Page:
Q: What kinds of changes have been made to the score and dialogue? Is it still essentially the same show? Have any particular elements changed?

A: It's very much the same show it was. If anything, it's just a little more streamlined, and some of the characters are stronger and clearer than they were before. The most identifiable change is that we restored two songs to the show: "Being A Geek" had been in the show in Los Angeles and always felt to me like the very heart of the score – I was devastated when we decided to cut it for Broadway, and I'm so happy that it's back in the show now; and "Opportunity" got cut in previews on Broadway, and it was a song we all loved and also an important moment for the character who sings it, so we figured out a way to put it back in, but in a different spot in the show. We wanted to put those two songs back into the show, but we didn't want to make the show any longer, so we then had to dig into the scenes and make sure that anything that wasn't completely vital to the piece came out.

Q: What’s the deal with the karaoke tracks?

A: From the minute the show started previews on Broadway, I was getting requests on my website for karaoke versions of the songs. And after the show closed, the requests actually intensified. At a certain point, it just seemed inevitable that someone would put out a karaoke version of the score, and I wanted it to be done right, so I called Kurt Deutsch and we came up with a great plan to record the tracks with live musicians, and re-release the original cast album with those karaoke tracks and recordings of the new songs. I was so thrilled that Kurt wanted to do it, because so often when I have ideas like that, they get lost in corporate bureaucracy, but here it is, all shiny and new!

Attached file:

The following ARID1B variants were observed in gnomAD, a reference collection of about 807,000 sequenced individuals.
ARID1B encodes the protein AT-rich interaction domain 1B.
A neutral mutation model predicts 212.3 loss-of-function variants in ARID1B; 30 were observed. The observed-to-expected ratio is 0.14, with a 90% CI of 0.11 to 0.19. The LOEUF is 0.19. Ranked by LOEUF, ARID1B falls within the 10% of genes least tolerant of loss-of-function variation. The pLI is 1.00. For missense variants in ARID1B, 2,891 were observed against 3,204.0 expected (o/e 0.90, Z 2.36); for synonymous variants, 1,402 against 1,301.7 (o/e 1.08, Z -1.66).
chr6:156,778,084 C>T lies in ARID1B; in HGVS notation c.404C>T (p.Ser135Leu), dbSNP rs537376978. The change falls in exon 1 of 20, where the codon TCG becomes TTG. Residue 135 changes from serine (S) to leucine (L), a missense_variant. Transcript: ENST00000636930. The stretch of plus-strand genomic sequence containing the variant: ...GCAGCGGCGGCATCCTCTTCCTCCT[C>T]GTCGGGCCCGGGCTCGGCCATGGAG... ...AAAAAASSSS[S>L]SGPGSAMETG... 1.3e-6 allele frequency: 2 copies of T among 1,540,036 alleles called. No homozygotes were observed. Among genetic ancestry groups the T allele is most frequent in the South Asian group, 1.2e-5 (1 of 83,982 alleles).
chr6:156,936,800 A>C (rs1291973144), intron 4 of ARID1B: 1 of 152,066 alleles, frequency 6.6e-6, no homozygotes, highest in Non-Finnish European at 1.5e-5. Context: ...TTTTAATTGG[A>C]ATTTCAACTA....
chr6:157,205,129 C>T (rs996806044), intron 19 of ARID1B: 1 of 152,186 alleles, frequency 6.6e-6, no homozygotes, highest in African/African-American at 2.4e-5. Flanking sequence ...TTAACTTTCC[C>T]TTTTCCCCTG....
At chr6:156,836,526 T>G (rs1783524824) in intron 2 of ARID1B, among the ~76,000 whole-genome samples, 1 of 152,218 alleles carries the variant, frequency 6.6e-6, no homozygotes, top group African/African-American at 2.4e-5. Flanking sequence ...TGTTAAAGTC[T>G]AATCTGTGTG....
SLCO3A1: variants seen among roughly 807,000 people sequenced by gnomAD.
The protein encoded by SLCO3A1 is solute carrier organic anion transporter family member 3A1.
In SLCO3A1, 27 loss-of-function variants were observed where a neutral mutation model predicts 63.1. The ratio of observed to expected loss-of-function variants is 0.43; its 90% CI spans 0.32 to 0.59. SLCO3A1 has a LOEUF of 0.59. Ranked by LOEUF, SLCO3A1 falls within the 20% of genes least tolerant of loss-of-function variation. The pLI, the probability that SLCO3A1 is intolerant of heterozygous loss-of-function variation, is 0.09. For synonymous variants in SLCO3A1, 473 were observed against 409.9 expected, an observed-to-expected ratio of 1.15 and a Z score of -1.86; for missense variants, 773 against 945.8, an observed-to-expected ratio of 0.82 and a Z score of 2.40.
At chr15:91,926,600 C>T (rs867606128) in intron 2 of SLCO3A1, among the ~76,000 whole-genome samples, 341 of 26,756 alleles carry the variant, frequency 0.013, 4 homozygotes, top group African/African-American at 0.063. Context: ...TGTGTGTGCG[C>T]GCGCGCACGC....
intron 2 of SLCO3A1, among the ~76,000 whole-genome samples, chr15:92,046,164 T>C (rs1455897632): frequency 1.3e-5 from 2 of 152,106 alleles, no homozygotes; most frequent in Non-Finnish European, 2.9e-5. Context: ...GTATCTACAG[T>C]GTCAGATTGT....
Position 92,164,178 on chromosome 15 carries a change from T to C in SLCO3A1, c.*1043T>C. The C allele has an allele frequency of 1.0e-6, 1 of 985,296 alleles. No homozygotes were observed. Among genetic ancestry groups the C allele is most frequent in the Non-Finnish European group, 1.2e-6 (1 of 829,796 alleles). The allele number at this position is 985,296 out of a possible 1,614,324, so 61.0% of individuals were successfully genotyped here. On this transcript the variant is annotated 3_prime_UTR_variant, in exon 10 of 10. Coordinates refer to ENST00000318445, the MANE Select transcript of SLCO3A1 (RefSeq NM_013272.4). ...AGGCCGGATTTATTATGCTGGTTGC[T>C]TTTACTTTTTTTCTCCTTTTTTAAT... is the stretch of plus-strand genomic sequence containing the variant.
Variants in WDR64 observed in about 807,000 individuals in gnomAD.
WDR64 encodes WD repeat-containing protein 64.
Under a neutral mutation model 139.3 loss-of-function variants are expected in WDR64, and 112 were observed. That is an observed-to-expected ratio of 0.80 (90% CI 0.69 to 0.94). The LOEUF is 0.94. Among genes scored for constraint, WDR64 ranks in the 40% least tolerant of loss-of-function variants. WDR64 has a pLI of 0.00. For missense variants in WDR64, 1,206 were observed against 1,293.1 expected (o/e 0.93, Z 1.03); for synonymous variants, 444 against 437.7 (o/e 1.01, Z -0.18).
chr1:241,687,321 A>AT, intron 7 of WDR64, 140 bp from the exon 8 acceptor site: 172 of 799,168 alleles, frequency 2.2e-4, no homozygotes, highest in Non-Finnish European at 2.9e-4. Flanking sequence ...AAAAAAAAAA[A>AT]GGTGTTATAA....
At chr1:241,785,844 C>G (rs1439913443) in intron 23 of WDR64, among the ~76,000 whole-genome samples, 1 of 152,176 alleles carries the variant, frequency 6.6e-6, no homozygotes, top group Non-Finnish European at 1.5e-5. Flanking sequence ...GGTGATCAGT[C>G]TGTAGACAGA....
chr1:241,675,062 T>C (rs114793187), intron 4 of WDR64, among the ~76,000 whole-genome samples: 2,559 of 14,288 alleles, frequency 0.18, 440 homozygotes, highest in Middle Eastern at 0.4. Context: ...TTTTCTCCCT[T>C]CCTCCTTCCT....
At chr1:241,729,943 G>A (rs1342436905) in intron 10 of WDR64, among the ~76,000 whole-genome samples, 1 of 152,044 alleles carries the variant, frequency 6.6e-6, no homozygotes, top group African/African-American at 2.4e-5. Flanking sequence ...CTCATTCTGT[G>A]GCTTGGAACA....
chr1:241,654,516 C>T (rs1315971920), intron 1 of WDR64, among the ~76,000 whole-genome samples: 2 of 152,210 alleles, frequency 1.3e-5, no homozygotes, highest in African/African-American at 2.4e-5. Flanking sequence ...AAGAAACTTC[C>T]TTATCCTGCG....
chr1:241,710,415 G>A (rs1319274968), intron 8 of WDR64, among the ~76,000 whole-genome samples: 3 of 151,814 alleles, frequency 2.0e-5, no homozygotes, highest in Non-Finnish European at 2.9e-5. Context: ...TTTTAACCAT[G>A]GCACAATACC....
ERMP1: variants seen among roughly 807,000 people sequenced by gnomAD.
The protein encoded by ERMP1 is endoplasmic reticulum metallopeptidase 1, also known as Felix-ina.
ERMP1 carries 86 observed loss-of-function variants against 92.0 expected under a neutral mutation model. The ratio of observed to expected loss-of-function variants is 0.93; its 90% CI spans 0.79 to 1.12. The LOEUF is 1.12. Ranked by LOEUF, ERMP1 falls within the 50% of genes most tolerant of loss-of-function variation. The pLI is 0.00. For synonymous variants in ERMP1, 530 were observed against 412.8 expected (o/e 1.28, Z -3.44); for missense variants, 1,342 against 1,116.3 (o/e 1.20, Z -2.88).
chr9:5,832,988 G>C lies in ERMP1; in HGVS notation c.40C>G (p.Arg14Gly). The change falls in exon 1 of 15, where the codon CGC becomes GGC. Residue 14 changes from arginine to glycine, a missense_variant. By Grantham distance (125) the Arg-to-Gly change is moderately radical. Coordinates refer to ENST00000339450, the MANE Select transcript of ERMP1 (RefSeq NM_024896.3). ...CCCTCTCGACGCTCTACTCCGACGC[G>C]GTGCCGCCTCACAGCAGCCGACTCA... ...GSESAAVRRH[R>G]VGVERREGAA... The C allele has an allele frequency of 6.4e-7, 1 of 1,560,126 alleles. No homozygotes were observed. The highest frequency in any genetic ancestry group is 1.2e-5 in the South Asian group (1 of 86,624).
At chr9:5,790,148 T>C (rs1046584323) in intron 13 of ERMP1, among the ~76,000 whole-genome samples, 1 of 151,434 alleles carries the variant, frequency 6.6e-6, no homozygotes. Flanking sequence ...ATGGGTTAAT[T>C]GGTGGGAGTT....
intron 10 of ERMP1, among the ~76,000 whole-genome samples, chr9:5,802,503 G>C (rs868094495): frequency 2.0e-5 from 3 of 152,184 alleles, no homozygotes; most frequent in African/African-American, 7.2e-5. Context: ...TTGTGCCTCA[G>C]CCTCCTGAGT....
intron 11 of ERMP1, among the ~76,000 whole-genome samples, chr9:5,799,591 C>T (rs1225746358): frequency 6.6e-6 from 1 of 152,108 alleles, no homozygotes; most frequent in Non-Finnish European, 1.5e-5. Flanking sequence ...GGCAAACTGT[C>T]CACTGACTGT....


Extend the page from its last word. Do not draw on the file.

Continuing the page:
Q: How does it feel looking back on the Broadway run of "13"? Do you think it deserved a longer run? Is there anything you would have done differently?

A: I don't know that it's fair to anyone who worked on the show on Broadway for me to sit and publicly air my Monday morning quarterbacking. Suffice to say that I loved the show on Broadway, I loved that cast so much it hurts my heart just thinking about them, my band was fantastic, and the audiences were clearly responding very strongly. It meant so much to me to see families coming to see the show and singing along and laughing their heads off. Sure, I wish it had run longer, but it's going to have a beautiful life of its own now, and it will be a part of so many kids' lives. I certainly have no regrets about that.

Q: Many of the "13" cast members are already moving on to new projects, like Graham Phillips and Allie Trimm. What's it like for you to see that happen for them so quickly?

A: I'm ridiculously, insanely proud. It's not just the Broadway kids, there were also kids who did the show in LA who are doing amazing things in the business – we've got alumni on television, on Broadway, on the pop charts – and we've got plenty of kids who are starting college or just getting ready for that application process, and I really do believe that being part of "13" will have helped groom them for a successful life, in whatever field. We expected incredible things from them, and they all delivered. Ugh, I'm kvelling.